Coral reefs lose their champion, which laptop is really the greenest, new sea slugs, and an octopuses garden in the sea. Monday Morning Salvage: November 5, 2018.

Foghorn (A Call to Action!)

Flotsam (what we’re obsessed with right now)

The newest members of the nudibranch family. (H. iba comes in 2 color morphs.) Photo: California Academy of Sciences

The newest members of the nudibranch family. (H. iba comes in 2 color morphs.)
Photo: California Academy of Sciences

A close-up photo of the sponge that is being studied. NHM.

A close-up photo of the sponge that is being studied. NHM.

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Alvin dives for early-career scientists, join me in the Marianas Islands, stump a scientist, embraces MPAs, and more! Tuesday (?) Morning Salvage: April 17, 2018

We’re late because Andrew doesn’t understand time zones.

Foghorn (A Call to Action!)

Flotsam (what we’re obsessed with right now)

The Okeanos Marianas. Our research vessel for the day.

The Levee (A featured project that emerged from Oceandotcomm)

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Make for the Planet with Conservation X Labs and the Earth Optimism Summit!

Invasive species, overfishing, ocean plastics, wildlife tracking, and measuring ecosystem services, are some of the most daunting challenges in conservation.While these challenges require a combination of social, commercial, and regulatory cooperation to address, they can also be tackled through technological innovation, which can bypass some of the largest hurdles to implementing practical, timely solutions.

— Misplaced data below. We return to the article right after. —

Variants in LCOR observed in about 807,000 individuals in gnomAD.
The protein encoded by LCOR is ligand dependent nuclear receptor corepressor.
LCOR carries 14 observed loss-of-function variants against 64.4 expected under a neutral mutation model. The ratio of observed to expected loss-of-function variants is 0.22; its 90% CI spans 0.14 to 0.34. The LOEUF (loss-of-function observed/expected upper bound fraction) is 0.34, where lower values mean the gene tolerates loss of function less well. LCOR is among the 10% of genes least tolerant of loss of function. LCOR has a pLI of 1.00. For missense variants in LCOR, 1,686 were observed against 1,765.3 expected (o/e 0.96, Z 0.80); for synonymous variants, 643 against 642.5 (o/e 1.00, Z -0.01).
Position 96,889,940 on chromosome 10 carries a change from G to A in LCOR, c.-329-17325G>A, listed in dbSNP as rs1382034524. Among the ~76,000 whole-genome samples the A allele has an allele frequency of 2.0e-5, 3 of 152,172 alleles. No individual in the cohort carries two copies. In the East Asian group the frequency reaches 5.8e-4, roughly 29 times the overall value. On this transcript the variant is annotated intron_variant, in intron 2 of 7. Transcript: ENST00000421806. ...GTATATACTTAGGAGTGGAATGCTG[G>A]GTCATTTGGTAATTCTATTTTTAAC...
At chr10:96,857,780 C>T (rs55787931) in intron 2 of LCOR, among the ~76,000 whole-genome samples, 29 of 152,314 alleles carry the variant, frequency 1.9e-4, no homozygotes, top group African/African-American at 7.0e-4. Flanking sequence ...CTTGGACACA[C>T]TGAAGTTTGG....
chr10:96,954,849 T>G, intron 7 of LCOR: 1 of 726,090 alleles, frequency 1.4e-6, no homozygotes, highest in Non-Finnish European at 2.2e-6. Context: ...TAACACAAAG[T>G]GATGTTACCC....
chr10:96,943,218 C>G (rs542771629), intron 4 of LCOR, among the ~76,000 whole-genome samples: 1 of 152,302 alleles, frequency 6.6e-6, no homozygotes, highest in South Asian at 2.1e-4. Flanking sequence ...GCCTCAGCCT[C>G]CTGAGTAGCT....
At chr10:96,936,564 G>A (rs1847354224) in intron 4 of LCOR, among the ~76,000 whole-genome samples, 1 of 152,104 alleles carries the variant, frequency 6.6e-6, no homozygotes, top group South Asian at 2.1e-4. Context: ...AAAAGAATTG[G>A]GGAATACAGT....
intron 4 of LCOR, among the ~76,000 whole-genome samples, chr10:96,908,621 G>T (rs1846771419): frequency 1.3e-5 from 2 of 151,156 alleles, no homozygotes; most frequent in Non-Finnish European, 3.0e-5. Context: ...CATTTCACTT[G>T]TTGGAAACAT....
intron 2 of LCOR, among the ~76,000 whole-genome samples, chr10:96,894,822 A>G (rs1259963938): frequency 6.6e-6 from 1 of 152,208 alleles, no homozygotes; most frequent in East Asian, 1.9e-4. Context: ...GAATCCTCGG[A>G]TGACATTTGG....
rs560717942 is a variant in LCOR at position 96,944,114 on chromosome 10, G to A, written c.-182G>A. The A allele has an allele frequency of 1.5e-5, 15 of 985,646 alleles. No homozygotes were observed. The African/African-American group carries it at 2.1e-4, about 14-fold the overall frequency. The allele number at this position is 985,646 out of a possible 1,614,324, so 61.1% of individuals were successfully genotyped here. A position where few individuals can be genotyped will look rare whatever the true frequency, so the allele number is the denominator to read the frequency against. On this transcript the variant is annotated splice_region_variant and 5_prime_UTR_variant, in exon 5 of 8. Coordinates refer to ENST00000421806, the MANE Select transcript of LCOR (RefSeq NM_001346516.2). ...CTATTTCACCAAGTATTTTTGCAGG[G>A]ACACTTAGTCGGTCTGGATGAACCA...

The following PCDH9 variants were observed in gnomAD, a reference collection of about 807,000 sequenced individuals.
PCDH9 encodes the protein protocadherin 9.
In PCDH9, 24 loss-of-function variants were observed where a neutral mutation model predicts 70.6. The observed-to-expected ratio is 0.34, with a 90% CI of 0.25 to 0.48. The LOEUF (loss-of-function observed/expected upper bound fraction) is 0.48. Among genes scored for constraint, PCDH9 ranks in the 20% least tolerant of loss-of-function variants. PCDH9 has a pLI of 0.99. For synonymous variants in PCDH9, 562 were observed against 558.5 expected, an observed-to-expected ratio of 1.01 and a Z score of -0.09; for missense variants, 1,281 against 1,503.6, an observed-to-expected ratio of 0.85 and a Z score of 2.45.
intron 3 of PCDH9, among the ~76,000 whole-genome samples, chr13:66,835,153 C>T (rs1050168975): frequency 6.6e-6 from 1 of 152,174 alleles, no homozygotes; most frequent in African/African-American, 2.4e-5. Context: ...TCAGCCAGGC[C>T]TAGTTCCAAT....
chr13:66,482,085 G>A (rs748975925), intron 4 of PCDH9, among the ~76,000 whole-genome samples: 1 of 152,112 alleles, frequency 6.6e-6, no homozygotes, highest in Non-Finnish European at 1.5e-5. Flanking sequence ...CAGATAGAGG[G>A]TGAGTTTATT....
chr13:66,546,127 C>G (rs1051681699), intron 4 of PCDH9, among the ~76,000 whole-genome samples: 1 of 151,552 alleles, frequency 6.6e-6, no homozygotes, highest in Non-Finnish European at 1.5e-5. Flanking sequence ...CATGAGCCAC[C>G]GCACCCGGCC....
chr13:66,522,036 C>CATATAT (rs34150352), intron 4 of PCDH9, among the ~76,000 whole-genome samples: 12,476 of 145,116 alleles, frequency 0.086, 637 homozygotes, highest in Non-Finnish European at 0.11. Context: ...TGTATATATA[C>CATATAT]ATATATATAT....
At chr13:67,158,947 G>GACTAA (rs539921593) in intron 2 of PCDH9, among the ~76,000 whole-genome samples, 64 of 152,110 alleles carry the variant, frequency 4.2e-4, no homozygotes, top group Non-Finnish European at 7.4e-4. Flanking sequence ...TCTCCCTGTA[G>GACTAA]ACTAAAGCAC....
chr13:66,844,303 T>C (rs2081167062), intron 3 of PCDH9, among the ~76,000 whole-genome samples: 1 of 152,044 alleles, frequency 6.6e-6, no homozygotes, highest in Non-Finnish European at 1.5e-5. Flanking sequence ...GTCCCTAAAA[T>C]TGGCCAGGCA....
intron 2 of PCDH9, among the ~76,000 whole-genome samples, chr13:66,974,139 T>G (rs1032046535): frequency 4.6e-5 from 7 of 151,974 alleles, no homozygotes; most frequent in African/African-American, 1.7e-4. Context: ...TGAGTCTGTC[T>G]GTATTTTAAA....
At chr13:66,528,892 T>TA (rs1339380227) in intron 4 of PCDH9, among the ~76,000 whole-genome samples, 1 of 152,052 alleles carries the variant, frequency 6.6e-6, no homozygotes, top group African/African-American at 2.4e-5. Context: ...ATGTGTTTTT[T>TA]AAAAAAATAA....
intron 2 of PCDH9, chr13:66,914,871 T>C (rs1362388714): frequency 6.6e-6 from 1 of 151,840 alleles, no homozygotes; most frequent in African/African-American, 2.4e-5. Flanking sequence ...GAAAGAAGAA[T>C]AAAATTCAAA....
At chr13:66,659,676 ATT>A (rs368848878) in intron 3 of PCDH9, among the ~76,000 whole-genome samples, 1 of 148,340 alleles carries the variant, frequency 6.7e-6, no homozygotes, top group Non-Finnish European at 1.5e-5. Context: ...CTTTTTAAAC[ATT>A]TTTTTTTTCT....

On April 21, 2017, 18 teams of conservationists, technologists, makers, and hardware hackers will gather in Washington DC and tackle five conservation challenges selected by a panel of experts at the Make for the Planet, part of the Smithsonian’s Earth Optimism Summit. Over three days, teams will work to develop prototypes, strategic frameworks, and model systems that address specific issues within the broader challenge prompt of terrestrial species invasion, overfishing, ocean plastics, wildlife tracking, and ecosystem services. Read More

Chemistry of the Great Big Blue: Plastics

thanks surfrider.org

From the microscopic to the gigantic, plastic debris has plagued our oceans since its invention. Much of the problem originated initially because we didn’t realize that plastics don’t degrade until after we had dumped tons into the ocean, largely off of ships as trash. WHOI offers a good summary of the history of plastic pollution. Many things changed since that first realization and the nature of plastics in the marine environment has a very different face nowadays.

The plastic is smaller and more widely distributed. There are fairly well-known areas that collect the plastics such as the Great Pacific Garbage Patch.  There are also other areas affected that are closer to shore and where people use marine resources. Plastic often settles in seagrass beds that serve as important nursery habitat and on beaches where turtles and shorebirds mistake them for food and nesting material. Need more details on plastic?

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